The effects of the Kentucky Education Reform Act on the departments and schools of education at independent colleges and universities in Kentucky
The Kentucky Education Reform Act (KERA) of 1990 drastically changed the state's entire educational system in ways of curriculum, governance, and finance. KERA has served as somewhat of a blueprint for reform legislation in a number of other states. A literature review revealed that traditionally the relationship between K–12 reform and higher education (teacher preparation) in the United States has not been very strong. Although the connections between the two were unclear early on in Kentucky's reform efforts, much progress has been made in linking KERA to the teacher preparation programs in the state. Some documentation on how the state colleges and universities have responded to the legislation exists. Very little literature, however, on how the private institutions have responded is available. This study investigated the effects that KERA has had on the teacher preparation programs at private colleges and universities in Kentucky in the areas of (a) teaching methods and techniques; (b) course content; (c) student teaching; (d) administrative procedures and policies; and (e) new programs, projects, and facilities. A chi-square statistical procedure was applied to the data. Based on the participants' responses, overall, there were no statistically significant differences between the observed and expected values for questionnaire items related to each of the areas investigated. In addition, generally, no statistically significant differences between institutional responses or the responses of administrators and faculty members were revealed. Results from the analyses revealed that Kentucky's independent institutions have been affected by the Kentucky Education Reform Act in the areas of instruction, course content, student teaching, administrative policies, and new projects and facilities. These institutions have implemented changes in each of these areas that facilitate and support KERA objectives. The study resulted in the recommendations that (a) the Departments and Schools of Education at Kentucky's colleges and universities should place more emphasis on content knowledge and discipline areas and (b) these institutions should improve their efforts to motivate education faculty members to work with schools and colleagues in support of KERA objectives by rewarding them for doing so.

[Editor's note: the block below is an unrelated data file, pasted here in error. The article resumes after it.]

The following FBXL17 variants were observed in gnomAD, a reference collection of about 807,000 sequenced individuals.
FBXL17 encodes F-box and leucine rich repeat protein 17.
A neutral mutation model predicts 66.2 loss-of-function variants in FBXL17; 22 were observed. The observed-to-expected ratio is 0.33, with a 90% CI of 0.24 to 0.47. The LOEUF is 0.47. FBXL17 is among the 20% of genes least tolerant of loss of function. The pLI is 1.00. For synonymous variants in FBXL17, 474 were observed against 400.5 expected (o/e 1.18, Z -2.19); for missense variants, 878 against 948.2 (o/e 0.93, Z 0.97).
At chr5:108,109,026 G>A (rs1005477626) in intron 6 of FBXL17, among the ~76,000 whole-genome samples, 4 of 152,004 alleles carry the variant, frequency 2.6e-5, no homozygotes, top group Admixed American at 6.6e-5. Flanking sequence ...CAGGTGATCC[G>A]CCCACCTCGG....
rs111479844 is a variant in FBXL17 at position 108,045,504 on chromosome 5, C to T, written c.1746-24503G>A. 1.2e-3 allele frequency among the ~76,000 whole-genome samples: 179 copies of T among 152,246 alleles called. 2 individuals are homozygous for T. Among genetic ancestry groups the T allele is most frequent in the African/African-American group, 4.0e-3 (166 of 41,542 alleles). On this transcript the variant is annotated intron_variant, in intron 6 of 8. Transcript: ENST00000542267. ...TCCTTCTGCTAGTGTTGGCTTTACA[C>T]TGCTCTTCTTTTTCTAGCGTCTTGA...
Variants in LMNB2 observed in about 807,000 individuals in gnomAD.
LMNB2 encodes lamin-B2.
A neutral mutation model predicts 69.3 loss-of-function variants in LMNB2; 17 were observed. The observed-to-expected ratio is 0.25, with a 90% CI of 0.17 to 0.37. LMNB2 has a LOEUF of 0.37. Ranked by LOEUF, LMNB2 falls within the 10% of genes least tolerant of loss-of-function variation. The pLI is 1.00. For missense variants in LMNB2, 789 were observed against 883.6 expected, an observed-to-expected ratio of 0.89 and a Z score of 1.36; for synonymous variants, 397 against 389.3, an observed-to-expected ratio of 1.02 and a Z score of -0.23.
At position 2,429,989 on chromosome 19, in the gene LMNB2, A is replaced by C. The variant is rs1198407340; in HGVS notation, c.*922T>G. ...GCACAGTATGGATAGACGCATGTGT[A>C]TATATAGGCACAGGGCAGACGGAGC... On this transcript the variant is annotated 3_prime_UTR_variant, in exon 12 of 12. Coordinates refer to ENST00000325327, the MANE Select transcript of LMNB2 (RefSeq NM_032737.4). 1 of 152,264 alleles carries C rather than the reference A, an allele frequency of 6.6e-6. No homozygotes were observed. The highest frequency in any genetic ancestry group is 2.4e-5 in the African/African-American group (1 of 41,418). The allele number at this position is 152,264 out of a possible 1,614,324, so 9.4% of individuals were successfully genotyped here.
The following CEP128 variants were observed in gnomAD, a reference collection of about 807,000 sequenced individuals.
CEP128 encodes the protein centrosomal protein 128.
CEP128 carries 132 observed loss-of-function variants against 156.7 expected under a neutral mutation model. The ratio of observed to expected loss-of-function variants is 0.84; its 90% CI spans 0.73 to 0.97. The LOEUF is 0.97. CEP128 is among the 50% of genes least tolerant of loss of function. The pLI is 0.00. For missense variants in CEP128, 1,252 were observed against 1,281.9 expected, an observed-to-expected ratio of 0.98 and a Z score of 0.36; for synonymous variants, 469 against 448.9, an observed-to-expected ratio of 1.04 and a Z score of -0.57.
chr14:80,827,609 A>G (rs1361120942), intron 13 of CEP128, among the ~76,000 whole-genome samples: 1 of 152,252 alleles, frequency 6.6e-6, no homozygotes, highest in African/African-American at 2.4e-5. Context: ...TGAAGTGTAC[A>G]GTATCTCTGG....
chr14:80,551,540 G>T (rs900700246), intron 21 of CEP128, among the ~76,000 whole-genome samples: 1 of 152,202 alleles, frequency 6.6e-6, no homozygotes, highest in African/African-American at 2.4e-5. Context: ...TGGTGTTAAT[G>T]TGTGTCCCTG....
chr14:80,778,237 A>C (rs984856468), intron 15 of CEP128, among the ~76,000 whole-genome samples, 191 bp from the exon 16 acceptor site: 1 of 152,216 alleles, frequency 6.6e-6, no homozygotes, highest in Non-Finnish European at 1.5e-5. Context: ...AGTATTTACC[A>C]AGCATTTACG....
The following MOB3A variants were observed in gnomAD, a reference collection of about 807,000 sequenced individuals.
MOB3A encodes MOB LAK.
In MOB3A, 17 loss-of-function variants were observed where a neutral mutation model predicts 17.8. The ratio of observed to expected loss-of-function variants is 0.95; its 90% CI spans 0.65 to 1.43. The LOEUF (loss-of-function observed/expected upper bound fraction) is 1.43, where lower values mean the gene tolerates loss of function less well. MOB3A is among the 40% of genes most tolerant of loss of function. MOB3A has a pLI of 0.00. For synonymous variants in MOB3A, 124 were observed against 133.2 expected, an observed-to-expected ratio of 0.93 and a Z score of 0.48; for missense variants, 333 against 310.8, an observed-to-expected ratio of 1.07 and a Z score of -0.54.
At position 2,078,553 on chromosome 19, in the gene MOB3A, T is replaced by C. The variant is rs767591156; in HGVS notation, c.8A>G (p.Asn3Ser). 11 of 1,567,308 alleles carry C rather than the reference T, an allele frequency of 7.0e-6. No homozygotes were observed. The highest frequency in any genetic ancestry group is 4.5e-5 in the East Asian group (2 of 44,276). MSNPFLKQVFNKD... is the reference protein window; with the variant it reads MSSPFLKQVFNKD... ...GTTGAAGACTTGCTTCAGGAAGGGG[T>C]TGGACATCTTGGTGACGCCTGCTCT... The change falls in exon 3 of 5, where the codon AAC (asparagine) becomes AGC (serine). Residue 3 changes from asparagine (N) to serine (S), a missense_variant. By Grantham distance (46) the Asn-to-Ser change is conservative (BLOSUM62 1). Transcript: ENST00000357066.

Higher education|School administration|Public administration|Teacher education
Ramona Ann Hall,
"The effects of the Kentucky Education Reform Act on the departments and schools of education at independent colleges and universities in Kentucky"
ETD Collection for Tennessee State University.